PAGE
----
Back to the Future of Technology
I came across this image the other day through a tweet by Marina Amaral. Marina is a Brazilian artist who specialises in the accurate colourisation of historical photographs and her twitter posts are full of interesting, sometimes bizarre, sometimes hilarious images and the stories behind them. The image above is one of a series that recently appeared on a fascinating site called The Public Domain Review, a not-for-profit online journal that explores interesting art, literature and ideas that have now fallen into the public domain. This is quite a treasure trove of open licensed resources and well worth adding to your bookmarks if you haven’t already.
First produced as card inserts in cigar boxes and later as postcards, the images, collectively entitled “En L’An 2000” (“In the Year 2000”), are part of a collection of illustrations by various French artists, created at around the turn of the twentieth century, that depict imagined technological advances of the next century. I found the images captivating for their humour (intentional or otherwise) and detail, and they are full of the inescapable human tendency to see the future through the lense of contemporary technology and style (think monochrome CRT screens and big hair in 1970s sci-fi). The whole collection of images is available at Wikimedia Commons. Some of the imagined scenes are more peculiar than others, but given the predicted rise in sea levels due to man-made global warming, we may as well get used to the idea of catching a “Whale–bus” or, less attractively, “fishing for sea-gulls”.
As a Learning Technologist, I thought it would be interesting to check on progress towards the ‘direct download to brain’ approach to education imagined by the artist above. It also seems likely I might end up being the person turning the handle of the machinery in this scenario. While not currently on the development roadmap for our virtual learning environments, it turns out that implanting memory (as in the movie Total Recall) isn’t quite as far-fetched as you might think.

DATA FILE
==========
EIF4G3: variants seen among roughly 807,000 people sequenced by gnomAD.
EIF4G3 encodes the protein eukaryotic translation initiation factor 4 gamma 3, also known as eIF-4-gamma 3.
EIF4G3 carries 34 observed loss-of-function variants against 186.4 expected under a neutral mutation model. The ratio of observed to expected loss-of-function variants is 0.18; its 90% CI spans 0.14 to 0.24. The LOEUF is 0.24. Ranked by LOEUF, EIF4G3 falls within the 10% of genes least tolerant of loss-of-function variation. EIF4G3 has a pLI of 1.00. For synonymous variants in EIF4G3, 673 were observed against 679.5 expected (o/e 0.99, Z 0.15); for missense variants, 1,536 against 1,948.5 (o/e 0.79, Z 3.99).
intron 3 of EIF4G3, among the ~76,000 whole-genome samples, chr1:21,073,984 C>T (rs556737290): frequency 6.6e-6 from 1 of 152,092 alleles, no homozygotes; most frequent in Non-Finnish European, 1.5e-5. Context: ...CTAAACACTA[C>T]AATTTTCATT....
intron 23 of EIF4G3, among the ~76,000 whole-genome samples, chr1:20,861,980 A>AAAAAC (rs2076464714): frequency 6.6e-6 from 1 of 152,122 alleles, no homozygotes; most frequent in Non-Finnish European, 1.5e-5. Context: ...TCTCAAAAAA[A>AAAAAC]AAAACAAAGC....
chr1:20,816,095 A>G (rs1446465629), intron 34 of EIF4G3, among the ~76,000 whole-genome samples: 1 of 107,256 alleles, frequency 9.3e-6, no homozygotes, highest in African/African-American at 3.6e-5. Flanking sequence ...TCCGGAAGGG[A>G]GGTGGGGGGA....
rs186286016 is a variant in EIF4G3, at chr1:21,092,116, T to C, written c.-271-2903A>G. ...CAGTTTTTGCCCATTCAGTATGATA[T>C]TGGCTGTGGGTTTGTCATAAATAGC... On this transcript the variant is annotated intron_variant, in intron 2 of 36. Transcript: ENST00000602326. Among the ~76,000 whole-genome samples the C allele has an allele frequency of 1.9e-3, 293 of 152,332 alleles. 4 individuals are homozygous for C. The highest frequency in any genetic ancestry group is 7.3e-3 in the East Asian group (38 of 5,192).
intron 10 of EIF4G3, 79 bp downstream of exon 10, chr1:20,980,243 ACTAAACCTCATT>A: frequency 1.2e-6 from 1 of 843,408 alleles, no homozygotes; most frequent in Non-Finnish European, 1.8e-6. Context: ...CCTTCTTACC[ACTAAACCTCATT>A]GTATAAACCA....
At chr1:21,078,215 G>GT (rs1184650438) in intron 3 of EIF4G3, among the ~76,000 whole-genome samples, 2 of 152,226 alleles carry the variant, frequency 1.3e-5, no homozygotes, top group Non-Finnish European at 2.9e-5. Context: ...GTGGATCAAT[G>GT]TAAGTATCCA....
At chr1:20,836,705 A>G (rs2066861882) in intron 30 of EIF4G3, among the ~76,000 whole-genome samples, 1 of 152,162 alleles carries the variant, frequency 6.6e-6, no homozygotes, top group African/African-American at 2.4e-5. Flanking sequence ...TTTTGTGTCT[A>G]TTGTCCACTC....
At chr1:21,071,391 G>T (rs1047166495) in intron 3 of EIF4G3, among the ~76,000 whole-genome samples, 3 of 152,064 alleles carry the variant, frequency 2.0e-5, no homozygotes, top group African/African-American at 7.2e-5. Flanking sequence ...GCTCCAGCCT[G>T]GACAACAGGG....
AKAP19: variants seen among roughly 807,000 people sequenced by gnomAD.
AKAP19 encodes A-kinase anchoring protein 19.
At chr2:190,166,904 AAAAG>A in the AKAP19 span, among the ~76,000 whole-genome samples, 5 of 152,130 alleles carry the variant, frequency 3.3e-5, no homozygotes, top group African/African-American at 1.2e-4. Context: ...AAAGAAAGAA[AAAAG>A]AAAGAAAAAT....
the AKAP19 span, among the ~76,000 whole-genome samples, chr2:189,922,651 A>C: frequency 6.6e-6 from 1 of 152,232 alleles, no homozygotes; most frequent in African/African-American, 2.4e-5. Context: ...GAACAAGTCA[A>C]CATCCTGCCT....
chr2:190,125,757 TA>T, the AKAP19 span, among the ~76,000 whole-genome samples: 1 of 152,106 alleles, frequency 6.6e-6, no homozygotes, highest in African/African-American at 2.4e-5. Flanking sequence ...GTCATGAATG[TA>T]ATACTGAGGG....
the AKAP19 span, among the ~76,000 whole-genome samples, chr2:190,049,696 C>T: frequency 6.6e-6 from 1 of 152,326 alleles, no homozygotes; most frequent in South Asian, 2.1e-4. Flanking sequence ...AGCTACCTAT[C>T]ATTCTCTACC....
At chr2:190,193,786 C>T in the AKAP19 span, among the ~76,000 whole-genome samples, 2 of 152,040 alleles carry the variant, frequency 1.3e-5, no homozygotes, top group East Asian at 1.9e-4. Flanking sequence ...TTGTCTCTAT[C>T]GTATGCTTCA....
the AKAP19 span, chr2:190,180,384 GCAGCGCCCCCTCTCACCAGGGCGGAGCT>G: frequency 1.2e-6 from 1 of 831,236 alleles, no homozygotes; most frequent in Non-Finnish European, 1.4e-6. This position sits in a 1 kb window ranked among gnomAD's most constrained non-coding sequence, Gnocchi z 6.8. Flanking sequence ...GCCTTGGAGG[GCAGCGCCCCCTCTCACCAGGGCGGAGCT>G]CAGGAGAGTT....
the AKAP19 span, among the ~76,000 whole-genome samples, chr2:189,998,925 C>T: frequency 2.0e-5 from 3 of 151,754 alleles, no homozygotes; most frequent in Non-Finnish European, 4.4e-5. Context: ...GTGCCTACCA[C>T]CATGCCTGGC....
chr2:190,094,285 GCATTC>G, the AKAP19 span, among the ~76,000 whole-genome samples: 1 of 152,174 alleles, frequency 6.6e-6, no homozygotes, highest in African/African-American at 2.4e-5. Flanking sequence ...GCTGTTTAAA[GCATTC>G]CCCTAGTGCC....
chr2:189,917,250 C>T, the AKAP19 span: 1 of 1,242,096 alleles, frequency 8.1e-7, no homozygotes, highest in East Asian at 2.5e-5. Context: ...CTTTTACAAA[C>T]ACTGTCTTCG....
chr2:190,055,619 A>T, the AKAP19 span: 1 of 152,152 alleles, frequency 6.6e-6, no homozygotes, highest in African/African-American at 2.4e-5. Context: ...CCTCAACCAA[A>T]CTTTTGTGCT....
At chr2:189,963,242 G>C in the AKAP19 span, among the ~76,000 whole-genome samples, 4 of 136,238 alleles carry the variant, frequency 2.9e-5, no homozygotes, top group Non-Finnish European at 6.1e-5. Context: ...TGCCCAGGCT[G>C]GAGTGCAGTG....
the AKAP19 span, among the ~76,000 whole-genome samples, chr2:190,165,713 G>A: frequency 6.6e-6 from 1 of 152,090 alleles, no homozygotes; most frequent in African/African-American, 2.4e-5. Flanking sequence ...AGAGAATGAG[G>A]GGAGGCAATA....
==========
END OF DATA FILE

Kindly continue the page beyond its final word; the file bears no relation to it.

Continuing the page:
Scientists at MIT made the first breakthrough in artificially encoding memories into the brains of mice in 2012 using a technique called optogenetics. The process involved firing lasers at neurons that had been genetically modified to be light sensitive. By precisely stimulating a group of neurons where a memory was known to be encoded, the researchers were able to cause the mice to associate a safe place with a fear response. More recently, researchers have shown that an entirely new experience can be artificially encoded in mice using similar techniques – for example, a mouse can be made to recall an odour it has never experienced before and associate it with an electric shock.
So why not envisage a future where our degree programmes are packaged up as the memory of a successfully completed 4 year degree? Steve Ramirez, who co-authored the breakthrough research at MIT, has said it is only a matter of time before artificial memory manipulation in humans is possible, although it is likely to be targeted at therapies for neurological illnesses or mental health issues initially.
Perhaps more realistic is this 1910 prediction of the now all-too familiar experience of video conferencing. Here we are definitely ahead of the artist’s imagination but there may well be those who would prefer the elegance and comfort of Correspondance Cinéma-Phono-Télégraphique to another mundane Zoom call.